Water Heater questions

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Did you ever consider a tankless water heater? They are not alot ($ up front) more than a good tank style heater but alot less maintenance as well as a heck of alot cheeper to run. No tank draining, No TPR valve, No tank to rot out, No anode to change. All around a better deal. In europe Tank style heaters are considered antque. almost all houses there are built new with tankless heaters. Just something to think about.
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Sorry, they are considerably more expensive than a storage tank heater. Especially in a retrofit situation, but even in new construction.

How often exactly to you drain your storage heater? Excluding vacation homes (where all the plumbing would need to be drained) the only time I've ever done it is when I replaced a 20 year old unit.

I've never had to replace one.

Modern storage tank heaters are glass lined and self cleaning. If you don't get a minimum of 20 years use out of one, you aren't trying.

WTF???? If you are changing anodes on a residential water heater, you have far more problems with the rest of your household plumbing that you need to be worrying about.

You don't really have any experience with tankless heaters, do you?

No, in Europe they have a lot of older housing stock with construction that makes it difficult to run insulated hot water lines. There are other factors that come into play as well.
Most of the new residential housing I've seen in the UK uses storage tanks. Here's an example:
<http://www.primelocation.com/new-homes/browse/all/uk/england/essex/chelmsford/BIca213721/
Go down to the plumbing section and note the words: "Each apartment includes an insulated hot water cylinder, with electric emersion heater back-up." A Google search on "hot water cylinder" will yield many other references.

And if you would like some factual information, you can download this study:
http://www.stateind.com/new/Tankless_WhitePaper.pdf
State builds both types of heaters, so they have no particular reason to favor one type over another.
The bottom line is that except for a few specific circumstances, storage tank heaters are cheaper to install and operate over a given period of time than tankless.
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On Fri, 06 May 2005 16:59:15 -0600, someone wrote:

And that makes a LOT of sense in general principle. To get tankless to work, you are installing a HUGE capacity heater, that will only run for minutes a day. Waster capacity. And then it is way oversized for low flow situations.
OTOH, using a tank, you run a much smaller heating element, just for longer periods. And you store the warmed water. The relevant balance would be between the cost of the storage loss, and the cost of the huge capacity heater unit. In "normal" use where hot water is used at various times of each day, apparently a storage tank does pretty well.
BTW, in Europe, often energy costs are higher due to tax structure, and people are apparently willing to put up with more (living with the limitations of a tankless unit's performance characteritics) for economy. Hey, in Europe, manual transmission in cars are much more common. In the US we tend to have relatively luxurious housing, even of our total incomes are no longer the envy of the world.
Reply to NG only - this e.mail address goes to a kill file.
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"Stacia" wrote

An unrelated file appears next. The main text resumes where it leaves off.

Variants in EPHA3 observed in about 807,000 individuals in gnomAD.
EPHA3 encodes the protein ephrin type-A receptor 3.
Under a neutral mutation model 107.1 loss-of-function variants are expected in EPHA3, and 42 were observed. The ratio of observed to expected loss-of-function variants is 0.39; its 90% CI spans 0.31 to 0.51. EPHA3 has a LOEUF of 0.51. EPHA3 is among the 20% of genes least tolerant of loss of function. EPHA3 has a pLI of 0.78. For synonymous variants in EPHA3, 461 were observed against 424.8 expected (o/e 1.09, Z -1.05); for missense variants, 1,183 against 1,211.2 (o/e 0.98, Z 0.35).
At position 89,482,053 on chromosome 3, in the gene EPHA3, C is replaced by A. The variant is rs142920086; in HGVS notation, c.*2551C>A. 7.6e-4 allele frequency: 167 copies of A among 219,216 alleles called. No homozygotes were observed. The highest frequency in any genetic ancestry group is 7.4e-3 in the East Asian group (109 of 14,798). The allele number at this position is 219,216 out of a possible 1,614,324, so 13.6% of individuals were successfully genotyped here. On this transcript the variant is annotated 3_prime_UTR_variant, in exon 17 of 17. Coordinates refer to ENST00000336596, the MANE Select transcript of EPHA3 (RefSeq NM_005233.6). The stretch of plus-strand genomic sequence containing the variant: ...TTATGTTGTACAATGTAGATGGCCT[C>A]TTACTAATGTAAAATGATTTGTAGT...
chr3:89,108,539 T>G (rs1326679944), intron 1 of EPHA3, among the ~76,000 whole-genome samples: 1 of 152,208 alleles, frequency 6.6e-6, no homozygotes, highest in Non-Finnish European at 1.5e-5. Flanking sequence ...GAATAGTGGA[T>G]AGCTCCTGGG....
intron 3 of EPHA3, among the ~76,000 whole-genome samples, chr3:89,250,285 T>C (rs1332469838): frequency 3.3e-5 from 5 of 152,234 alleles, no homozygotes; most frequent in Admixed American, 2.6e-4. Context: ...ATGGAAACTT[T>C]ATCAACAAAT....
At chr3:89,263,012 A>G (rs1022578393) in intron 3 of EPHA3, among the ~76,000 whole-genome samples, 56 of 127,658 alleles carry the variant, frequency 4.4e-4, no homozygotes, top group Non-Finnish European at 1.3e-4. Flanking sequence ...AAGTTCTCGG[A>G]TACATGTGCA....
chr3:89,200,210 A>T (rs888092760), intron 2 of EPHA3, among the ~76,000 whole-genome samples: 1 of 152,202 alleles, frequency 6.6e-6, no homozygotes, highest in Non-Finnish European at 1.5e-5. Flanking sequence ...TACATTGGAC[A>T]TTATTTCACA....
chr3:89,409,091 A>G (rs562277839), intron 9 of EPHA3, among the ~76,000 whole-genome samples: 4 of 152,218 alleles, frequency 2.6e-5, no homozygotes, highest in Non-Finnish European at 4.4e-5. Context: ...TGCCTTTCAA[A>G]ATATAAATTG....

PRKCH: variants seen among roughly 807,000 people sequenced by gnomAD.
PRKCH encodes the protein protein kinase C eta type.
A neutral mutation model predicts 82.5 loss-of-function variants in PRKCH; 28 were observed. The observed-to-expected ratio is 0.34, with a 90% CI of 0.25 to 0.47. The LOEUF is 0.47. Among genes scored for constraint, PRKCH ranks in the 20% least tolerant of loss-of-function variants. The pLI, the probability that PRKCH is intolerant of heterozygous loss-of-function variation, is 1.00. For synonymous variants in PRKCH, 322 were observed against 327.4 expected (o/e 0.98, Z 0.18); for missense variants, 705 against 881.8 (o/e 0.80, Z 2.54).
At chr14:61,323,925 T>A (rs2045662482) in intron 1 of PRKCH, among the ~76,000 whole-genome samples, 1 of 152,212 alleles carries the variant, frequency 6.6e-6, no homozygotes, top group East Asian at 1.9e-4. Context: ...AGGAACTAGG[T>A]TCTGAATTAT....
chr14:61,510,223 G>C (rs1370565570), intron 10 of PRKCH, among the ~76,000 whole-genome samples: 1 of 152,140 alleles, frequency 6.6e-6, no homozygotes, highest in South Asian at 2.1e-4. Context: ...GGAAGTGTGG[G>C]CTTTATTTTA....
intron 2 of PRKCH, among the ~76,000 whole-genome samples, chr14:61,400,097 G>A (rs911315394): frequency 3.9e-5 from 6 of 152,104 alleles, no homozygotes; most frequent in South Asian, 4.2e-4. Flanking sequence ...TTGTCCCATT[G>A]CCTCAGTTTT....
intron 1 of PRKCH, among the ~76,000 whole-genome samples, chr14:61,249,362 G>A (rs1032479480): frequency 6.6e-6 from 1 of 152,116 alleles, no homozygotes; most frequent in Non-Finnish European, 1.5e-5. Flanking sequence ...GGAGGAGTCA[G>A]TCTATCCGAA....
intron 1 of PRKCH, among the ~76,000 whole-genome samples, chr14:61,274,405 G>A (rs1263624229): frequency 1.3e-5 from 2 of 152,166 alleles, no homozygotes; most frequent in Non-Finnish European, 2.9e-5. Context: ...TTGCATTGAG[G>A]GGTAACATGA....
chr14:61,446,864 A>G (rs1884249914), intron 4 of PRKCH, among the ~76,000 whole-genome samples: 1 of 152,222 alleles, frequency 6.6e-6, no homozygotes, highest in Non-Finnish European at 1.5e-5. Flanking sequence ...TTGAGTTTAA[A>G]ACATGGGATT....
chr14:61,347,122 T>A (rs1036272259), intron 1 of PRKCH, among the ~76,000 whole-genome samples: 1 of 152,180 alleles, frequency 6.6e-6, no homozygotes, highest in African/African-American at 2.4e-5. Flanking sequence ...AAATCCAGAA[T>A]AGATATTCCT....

About 15 years, sorry to say.

Mine has a little spigot at the bottom. We just shut the water off to the inlet, unplug it, and drain, then plug it back in and refill. Don has to relight the pilot then but he knows how (I do not).

Enjoy! Expect wierd bills but after a time, it's cheaper than renting if you were smart enough to get a fixed rate mortgage. If not, refinance as soon as you can.
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Yes, we got a fixed rate (6%). Since it was a relatively new house (14 years old) we thought most appliances would last for a few years, but we've already replaced the dishwasher and, of course, the water heater. I can't wait to see what else will break.
Stacia
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On Jan 8, 3:40�am, snipped-for-privacy@xmission.com (Stacia) wrote:

time for a new one, if you run short on water sometimes invest in a better unit, most 40 gallon tanks are under 40,000 BTUs.
upgrade to a 50 gallon 75,000 BTU tank and enjoy near endless hot water. better tanks cost a bit more but are better built with things like brass drain valves. larger tanks get less thermal shock since they are larger, keep temp kinda low for longer life and energy savings.
on a brite note the new tank will be much better insulated saving you energy
congrats to the new home owner!
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We have run our two homes since 1960 with a 30 US gallon electric hot water heater/tanks. This included doing some business catering from the home. Our average lifespan has been 8 to 9 years; this in an area where most suppliers now will not honour the manufacturers six year warranties! This is due to the type of local water which tends to be acid due to soil type and acid rain (Thanks to central North American air pollution?) affecting both well water and municipal water supplies. Average cost of replacements, doing the work ourselves, over some 45 years has been around $150 to $200. Each heater has two 3000 watt elements each with its thermostat arranged flip-flop (that is the upper element heats first and when that part of tank is hot it flips over to the bottom element until whole tank is hot). On one or two occasions with visitors it has been possible to move one wire to enable both upper and lower elements (each with its thermostat) to heat water simultaneously (faster recovery).
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Thanks! Yes, the new tank is 2 inches wider, because of insulation, so hopefully this will be a good thing.
Stacia
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Stacia,